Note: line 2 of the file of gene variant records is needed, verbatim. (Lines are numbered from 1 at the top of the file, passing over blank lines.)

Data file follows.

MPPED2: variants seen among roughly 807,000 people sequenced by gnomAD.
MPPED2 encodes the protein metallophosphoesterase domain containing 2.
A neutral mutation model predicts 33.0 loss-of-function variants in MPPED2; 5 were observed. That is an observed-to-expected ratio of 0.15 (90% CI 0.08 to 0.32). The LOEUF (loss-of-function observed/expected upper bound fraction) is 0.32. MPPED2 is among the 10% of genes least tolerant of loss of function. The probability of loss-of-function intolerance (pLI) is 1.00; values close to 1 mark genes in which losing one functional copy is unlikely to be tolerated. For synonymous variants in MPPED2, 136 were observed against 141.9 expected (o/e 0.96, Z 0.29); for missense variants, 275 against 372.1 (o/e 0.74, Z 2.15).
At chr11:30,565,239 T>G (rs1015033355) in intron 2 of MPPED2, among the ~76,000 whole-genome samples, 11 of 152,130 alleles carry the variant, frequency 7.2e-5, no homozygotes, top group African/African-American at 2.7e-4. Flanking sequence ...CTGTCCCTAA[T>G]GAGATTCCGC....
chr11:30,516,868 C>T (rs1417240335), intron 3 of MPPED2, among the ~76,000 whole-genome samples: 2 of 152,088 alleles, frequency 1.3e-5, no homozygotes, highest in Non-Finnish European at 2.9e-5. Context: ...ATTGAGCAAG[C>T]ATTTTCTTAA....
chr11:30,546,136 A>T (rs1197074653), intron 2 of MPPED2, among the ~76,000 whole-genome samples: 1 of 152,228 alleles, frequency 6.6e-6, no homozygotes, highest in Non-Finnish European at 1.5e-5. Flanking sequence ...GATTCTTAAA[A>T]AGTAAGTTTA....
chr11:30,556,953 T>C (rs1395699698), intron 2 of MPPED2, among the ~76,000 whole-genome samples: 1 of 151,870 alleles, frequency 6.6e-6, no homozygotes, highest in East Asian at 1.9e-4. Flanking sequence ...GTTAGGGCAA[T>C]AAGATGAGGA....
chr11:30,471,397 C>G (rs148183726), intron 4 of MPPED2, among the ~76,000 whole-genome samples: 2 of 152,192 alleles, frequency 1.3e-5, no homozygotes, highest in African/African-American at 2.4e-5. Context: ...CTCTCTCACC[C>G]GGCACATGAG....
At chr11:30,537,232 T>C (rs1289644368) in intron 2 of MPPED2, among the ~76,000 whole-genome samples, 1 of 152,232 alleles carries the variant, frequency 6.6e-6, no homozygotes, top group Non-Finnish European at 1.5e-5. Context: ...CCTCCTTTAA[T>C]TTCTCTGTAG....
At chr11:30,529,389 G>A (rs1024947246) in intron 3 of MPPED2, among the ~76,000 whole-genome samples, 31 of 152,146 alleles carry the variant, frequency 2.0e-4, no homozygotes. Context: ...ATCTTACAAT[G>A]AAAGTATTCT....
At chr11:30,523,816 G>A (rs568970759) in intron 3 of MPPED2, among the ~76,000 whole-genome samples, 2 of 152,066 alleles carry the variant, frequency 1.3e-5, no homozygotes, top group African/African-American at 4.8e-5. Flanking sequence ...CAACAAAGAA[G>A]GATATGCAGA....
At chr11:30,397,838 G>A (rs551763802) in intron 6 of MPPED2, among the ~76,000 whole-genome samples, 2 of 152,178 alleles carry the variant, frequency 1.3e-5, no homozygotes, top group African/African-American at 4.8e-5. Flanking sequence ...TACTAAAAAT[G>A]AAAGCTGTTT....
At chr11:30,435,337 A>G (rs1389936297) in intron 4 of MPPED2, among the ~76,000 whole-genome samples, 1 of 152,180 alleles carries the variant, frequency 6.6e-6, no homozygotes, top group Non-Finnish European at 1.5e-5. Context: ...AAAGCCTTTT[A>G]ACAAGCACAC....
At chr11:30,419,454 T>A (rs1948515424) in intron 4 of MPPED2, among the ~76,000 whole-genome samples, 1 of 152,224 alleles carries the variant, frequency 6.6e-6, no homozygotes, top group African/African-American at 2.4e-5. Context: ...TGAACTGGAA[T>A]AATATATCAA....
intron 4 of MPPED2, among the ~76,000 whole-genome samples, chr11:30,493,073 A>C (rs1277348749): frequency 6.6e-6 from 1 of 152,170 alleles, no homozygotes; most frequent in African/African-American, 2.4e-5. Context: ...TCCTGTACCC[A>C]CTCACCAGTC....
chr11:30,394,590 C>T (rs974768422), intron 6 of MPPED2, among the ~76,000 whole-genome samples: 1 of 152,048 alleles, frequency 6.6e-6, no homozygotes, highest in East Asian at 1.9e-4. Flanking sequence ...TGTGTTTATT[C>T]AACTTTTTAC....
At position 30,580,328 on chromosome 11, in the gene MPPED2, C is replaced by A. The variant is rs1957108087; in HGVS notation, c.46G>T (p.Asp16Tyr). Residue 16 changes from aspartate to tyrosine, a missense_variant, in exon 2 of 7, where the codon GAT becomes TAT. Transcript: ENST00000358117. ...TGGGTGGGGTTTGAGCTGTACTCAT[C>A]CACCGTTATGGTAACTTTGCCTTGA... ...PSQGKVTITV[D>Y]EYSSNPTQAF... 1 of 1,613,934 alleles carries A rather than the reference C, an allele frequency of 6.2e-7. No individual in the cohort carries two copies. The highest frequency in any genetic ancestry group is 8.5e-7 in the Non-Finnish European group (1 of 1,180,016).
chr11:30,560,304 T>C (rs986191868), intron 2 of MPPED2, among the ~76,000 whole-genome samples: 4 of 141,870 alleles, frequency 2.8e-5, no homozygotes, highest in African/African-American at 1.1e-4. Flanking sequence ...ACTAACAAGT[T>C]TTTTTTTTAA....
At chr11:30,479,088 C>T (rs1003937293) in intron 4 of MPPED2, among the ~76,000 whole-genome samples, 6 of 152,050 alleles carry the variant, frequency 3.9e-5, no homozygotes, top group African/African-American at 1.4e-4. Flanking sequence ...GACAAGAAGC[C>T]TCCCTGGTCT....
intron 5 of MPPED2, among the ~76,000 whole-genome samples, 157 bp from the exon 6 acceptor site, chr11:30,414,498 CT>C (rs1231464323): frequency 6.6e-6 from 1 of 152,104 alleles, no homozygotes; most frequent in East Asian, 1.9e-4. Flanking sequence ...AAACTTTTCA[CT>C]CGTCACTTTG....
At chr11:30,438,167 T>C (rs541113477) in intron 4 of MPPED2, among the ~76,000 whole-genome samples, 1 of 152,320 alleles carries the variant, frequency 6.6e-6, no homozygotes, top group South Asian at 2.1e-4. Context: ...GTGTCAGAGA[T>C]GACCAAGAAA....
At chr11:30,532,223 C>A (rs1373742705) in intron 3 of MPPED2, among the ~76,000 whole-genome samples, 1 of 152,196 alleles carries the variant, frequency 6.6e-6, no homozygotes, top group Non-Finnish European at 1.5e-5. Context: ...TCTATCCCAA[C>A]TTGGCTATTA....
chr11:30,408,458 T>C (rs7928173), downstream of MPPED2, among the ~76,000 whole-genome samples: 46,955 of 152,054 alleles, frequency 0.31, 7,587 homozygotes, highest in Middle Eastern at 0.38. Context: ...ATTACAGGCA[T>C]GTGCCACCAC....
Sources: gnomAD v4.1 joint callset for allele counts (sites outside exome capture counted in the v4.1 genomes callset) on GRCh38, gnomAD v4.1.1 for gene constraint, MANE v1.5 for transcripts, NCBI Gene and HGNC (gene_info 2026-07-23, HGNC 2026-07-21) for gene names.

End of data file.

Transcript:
MPPED2 encodes the protein metallophosphoesterase domain containing 2.